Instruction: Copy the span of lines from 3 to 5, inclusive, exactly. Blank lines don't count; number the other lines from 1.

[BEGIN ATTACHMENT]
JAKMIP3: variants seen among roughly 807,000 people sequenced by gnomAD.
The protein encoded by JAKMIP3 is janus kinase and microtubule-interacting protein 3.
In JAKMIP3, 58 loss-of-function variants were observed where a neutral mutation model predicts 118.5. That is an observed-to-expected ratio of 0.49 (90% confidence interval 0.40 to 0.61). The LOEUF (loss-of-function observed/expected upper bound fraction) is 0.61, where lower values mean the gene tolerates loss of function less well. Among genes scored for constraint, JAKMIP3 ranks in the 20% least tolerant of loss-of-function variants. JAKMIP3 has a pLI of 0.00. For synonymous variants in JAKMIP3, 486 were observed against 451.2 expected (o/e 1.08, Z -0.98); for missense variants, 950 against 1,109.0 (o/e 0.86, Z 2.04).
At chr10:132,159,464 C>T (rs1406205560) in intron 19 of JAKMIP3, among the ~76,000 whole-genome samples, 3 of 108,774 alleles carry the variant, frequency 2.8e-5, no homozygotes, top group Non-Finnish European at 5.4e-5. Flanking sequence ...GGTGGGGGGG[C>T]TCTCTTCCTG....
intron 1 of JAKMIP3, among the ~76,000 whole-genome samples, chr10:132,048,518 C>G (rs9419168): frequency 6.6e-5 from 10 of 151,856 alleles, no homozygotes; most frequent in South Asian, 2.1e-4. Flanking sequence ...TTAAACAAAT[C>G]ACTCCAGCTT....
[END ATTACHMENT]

In JAKMIP3, 58 loss-of-function variants were observed where a neutral mutation model predicts 118.5. That is an observed-to-expected ratio of 0.49 (90% confidence interval 0.40 to 0.61). The LOEUF (loss-of-function observed/expected upper bound fraction) is 0.61, where lower values mean the gene tolerates loss of function less well. Among genes scored for constraint, JAKMIP3 ranks in the 20% least tolerant of loss-of-function variants. JAKMIP3 has a pLI of 0.00. For synonymous variants in JAKMIP3, 486 were observed against 451.2 expected (o/e 1.08, Z -0.98); for missense variants, 950 against 1,109.0 (o/e 0.86, Z 2.04).
At chr10:132,159,464 C>T (rs1406205560) in intron 19 of JAKMIP3, among the ~76,000 whole-genome samples, 3 of 108,774 alleles carry the variant, frequency 2.8e-5, no homozygotes, top group Non-Finnish European at 5.4e-5. Flanking sequence ...GGTGGGGGGG[C>T]TCTCTTCCTG....
intron 1 of JAKMIP3, among the ~76,000 whole-genome samples, chr10:132,048,518 C>G (rs9419168): frequency 6.6e-5 from 10 of 151,856 alleles, no homozygotes; most frequent in South Asian, 2.1e-4. Flanking sequence ...TTAAACAAAT[C>G]ACTCCAGCTT....